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This question already has an answer here:

I know Israel has highly modified F-16s, but just what are the structures on the sides and top, aft of the canopy? See this image of an Israeli F-16 compared to a normal one:

Israeli

Vs

Normal

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marked as duplicate by Peter Kämpf, mins, Manu H, Federico, Fabrizio Mazzoni Dec 20 '15 at 11:39

This question has been asked before and already has an answer. If those answers do not fully address your question, please ask a new question.

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    $\begingroup$ Even though this has already been marked duplicate, please properly attribute your images to their owners. $\endgroup$ – CGCampbell Dec 20 '15 at 13:56
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They're conformal fuel tanks, a type of external fuel tank designed for a specific aircraft type to reduce drag and other effects.

In general, they increase fuel load and free up stations for weapons or even more fuel.

In particular, the F-16 is a small platform with a modest fuel load and thus has a moderate radius even when clean. But when it's combat loaded with sensors and weapons, the additional weight and drag quickly eat into its combat radius, so one or two drop tanks are semi-permanently hung from its wings and/or belly. Don't quote me, but the CFT's almost double the F-16's internal fuel capacity.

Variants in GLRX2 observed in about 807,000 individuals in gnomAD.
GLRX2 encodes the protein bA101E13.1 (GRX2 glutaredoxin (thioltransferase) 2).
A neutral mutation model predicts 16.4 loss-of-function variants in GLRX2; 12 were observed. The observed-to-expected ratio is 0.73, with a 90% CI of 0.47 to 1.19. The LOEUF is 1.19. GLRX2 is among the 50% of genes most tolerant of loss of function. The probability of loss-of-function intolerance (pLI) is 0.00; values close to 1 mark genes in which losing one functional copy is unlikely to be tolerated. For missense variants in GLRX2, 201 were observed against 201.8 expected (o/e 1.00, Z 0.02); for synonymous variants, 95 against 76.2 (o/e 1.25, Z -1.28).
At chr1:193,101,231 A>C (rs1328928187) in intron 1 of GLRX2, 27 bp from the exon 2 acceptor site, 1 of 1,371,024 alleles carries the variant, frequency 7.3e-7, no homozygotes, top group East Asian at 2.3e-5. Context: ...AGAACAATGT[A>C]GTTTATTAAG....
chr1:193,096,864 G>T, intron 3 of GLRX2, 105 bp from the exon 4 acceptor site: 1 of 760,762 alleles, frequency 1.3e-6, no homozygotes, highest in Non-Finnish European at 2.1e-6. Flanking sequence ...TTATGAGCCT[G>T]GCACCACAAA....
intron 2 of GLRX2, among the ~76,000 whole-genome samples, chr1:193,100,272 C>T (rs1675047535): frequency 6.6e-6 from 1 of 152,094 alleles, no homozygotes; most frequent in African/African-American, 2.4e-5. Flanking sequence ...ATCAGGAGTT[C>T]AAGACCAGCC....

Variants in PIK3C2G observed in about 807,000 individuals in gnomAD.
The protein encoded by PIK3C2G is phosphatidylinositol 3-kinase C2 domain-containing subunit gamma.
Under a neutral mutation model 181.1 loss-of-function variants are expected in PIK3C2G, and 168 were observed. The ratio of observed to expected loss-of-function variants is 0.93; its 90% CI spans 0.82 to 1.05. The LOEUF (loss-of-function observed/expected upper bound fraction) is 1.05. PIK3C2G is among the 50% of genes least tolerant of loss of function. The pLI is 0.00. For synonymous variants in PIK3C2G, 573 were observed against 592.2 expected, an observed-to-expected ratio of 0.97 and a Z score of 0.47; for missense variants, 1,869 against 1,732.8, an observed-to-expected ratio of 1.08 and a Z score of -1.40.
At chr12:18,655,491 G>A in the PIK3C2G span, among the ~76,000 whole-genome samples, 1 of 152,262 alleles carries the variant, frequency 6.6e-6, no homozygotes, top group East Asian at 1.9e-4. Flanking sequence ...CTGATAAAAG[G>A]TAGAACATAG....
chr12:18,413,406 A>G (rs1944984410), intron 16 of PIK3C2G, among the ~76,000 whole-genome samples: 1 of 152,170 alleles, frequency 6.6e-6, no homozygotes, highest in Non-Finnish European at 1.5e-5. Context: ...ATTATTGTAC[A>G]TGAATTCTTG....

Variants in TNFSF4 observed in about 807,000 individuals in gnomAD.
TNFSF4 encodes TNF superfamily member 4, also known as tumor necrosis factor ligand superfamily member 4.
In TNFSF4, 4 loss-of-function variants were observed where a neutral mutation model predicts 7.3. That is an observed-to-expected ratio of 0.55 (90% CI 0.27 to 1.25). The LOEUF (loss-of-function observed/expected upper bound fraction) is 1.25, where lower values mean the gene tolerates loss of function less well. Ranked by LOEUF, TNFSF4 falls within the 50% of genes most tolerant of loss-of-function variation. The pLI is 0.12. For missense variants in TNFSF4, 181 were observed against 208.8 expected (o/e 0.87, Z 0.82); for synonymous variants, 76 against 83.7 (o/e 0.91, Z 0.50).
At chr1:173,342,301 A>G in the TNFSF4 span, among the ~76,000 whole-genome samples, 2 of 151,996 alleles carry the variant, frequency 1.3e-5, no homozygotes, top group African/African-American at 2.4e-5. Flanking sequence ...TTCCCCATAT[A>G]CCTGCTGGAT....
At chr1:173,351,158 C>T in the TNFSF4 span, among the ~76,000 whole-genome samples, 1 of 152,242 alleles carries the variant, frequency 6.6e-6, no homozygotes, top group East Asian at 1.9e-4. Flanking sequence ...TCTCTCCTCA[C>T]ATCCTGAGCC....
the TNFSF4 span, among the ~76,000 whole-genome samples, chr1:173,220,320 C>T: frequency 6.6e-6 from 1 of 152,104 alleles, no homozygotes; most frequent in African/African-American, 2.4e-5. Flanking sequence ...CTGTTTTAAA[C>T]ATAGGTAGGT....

The F-16 wasn't originally conceived for ground attack, carrying bombs for many of its missions, but it quickly grew into the versatile multirole platform it is today.

The USAF can better accommodate the F-16's short range because it flies a huge fleet of ~450 aerial tankers to service 2000 fighters, whereas the IAF operates just 11 tankers for 400 fighters. (Obviously other USAF a/c also require tankers, not just fighters.) Also, the IAF doesn't have the luxury of other nearby friendly air bases it can fly out of. Thus, they use CFT's.

With the benefit of hindsight, the original F-16 design team would probably have enlarged the internal fuel tanks from the start had they known how the F-16 would be used.

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Those are conformal fuel tanks

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    $\begingroup$ While this link may answer the question, it is better to include the essential parts of the answer here and provide the link for reference. Link-only answers can become invalid if the linked page changes. - From Review $\endgroup$ – Federico Dec 20 '15 at 9:27
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    $\begingroup$ @federico Actually, the essential part of the answer is included here. Strip out the link and the answer remains, but hey, what do I know? $\endgroup$ – Airsick Dec 20 '15 at 11:38
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    $\begingroup$ To me 5 words do not make a complete answer. See for example the accepted answer to the original question (of which this is a duplicate) $\endgroup$ – Federico Dec 20 '15 at 16:02
  • $\begingroup$ It answered the question I asked ;-) $\endgroup$ – Pugz Dec 20 '15 at 16:06

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